Why Vaccinate?

    Protecting Children from Harmful Diseases

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    Back-to-school time usually means a visit with the pediatrician for many school-age children. Completed sports forms and school physicals are necessary for participation and school enrollment and allow doctors an opportunity to discuss growth, development, and preventative healthcare for your school-age child.

    Of the many questions we field, one of the most polarizing for many parents remains: Which vaccines should my child receive? According to the Council on Virginia’s Future, only 77 percent of all 19- to 36-month old children are adequately vaccinated. Given the new vaccine recommendations for school-age children (primarily, meningococcal, Tdap, HPV, and Hepatitis A) school-age and adolescent children fall much lower within compliance.

    We doctors need to do a better job of recommending vaccines. When we do, parents tend to follow our advice. Candidly, however, many of us are fatigued by the hundreds and even thousands of conversations we’ve had about why we believe vaccination is safe and important. We are passionate, but we don’t want to be pushy.We recognize that parents are trying to make good choices and that their concern is based on a parental instinct to protect children, but we are frustrated that some of these parents persist in opposition despite clear and convincing evidence of safety and efficacy.

    And, just to be clear: Vaccines are safe.They are effective. I encourage you to review reputable sources from the American Academy of Pediatrics and the Center for Disease Control. One of the best resources is at the Children’s Hospital of Philadelphia’s Vaccine Education Center. A visit to their website will answer any question you have about vaccines in a detailed, honest, and respectful fashion.

    For parents who don’t follow their pediatrician’s advice, one of the most Common reasons given is that the “vaccine isn’t needed.” The direct benefits of prevention are quite simply difficult for parents to recognize in their day-to-day lives.When was the last time you spoke with a neighbor who said her son remained in school and graduated because he didn’t get meningitis. Has anyone ever read a headline that said, Young woman not diagnosed with cervical cancer because of HPV vaccination as a preteen?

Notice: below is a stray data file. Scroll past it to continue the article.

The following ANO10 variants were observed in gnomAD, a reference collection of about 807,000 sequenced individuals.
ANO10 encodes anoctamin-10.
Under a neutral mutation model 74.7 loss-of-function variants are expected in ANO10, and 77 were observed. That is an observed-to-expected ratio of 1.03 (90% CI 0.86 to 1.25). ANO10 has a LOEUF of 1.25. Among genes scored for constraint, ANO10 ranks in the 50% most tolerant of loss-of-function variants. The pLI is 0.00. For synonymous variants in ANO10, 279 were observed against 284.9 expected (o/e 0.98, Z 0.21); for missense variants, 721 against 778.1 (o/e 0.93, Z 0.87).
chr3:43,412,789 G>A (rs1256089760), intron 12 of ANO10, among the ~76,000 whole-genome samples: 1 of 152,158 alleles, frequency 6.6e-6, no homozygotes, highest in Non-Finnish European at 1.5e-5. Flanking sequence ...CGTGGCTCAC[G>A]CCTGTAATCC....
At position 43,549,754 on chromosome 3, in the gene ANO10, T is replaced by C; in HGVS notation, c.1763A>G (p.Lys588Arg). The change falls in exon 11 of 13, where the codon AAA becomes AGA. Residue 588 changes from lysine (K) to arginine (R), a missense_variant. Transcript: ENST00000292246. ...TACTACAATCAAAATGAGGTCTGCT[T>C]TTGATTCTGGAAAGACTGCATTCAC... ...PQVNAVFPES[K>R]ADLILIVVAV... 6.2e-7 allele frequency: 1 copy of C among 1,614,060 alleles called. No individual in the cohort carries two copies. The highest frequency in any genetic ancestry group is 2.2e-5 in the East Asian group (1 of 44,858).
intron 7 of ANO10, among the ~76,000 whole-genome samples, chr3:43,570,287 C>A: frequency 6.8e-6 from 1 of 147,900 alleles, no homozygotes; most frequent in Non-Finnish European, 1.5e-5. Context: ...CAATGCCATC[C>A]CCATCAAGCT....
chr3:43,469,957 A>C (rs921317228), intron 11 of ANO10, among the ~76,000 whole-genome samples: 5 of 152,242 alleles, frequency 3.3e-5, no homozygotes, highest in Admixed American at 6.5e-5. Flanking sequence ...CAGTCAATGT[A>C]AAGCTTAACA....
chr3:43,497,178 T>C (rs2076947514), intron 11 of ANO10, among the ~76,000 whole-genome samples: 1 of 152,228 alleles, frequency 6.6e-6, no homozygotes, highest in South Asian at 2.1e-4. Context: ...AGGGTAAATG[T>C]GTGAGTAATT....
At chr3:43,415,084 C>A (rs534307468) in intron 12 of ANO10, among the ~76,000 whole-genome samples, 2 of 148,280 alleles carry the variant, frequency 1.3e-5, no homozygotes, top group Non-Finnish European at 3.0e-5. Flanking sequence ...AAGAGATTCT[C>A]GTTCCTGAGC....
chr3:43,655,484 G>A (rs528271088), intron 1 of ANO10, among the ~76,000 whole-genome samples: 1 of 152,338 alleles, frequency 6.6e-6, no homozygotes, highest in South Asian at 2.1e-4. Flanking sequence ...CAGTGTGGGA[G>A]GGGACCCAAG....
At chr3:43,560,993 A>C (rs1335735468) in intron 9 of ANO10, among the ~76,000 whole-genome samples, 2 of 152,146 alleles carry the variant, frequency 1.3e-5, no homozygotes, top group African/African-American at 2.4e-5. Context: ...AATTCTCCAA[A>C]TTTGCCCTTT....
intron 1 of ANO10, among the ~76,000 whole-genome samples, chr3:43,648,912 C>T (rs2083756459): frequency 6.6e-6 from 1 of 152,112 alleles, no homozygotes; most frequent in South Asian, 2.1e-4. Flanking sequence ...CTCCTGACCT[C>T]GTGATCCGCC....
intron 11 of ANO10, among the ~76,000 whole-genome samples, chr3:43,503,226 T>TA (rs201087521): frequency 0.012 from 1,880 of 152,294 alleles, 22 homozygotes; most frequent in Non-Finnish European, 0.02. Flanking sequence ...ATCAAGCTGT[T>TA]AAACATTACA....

We don’t see and feel the risks in our community, amongst our friends and neighbors, and so the need to prevent that risk seems miniscule.

    However, that sense of comfort exists precisely because vaccines are so effective.Today’s parents lack firsthand knowledge about the devastation of some vaccine preventable illnesses. But in 1955, when the polio vaccine arrived, parents in Virginia lined up for hours to get their children vaccinated. They had often seen for themselves the tragedy of a neighbor’s paralyzed child or tragic death. Sometimes, they had fallen victim to the consequences of the epidemic themselves. They kept their own children home and away from crowds; swimming pools were closed and traffic was rerouted.

    Don’t we all know a friend, a sister, or a mother with a history of an abnormal pap smear or a diagnosis of cervical cancer? About 70 percent of these cancer patients could have been spared the anxiety, pain, and suffering of that diagnoses if they had been fully vaccinated with the HPV vaccine series that was approved in 2006 in the United States by the FDA. Is the health of a young child today any less important than the health of a young child in 1950 at risk for polio? There were about 10,000 cases of paralytic polio in 1950. Just about as many cases of HPV-related cancer are diagnosed every year. Shouldn’t parents be standing in line for these vaccines as well?

    As medicine advances, it is likely that vaccines will begin to address more diseases like HPV, diseases that don’t happen suddenly, but that occur slowly, over time, and that may be influenced, in one way or another, by our behavior. If and when that happens, I fear that there will become even more people who take a path of selective vaccination. Those who choose to vaccinate their children against some illnesses, but not against others.

    For some parents, this can have devastating effects. Just recently, a report was published about a previously healthy 15-year-old who died of chicken pox in 2009. Her parents had chosen to vaccinate her against some vaccine preventable illnesses, but she did not receive the vaccine against chicken pox.

    I have no doubt that these parents chose the path they did with hopes of providing the best care for their child. I would imagine they put a lot of thought into what they believed was the best course. Perhaps they hoped to protect her from vaccine-related side effects or maybe they wanted to spare her the discomfort of a shot. I cannot imagine, however, that they would not change their minds about that vaccination had they known exactly what vaccine preventable disease would ultimately take their daughter’s life.

    At a recent conference, a colleague compared full vaccination with the correct use of car safety seats and seatbelts. If a small, safe, routine act has the potential to protect children from immeasurable harm, why would we withhold it? Would any parent buckle one strap only to leave the others loose? For me, the simplicity in this comparison is powerful and persuasive. I hope it is for you too.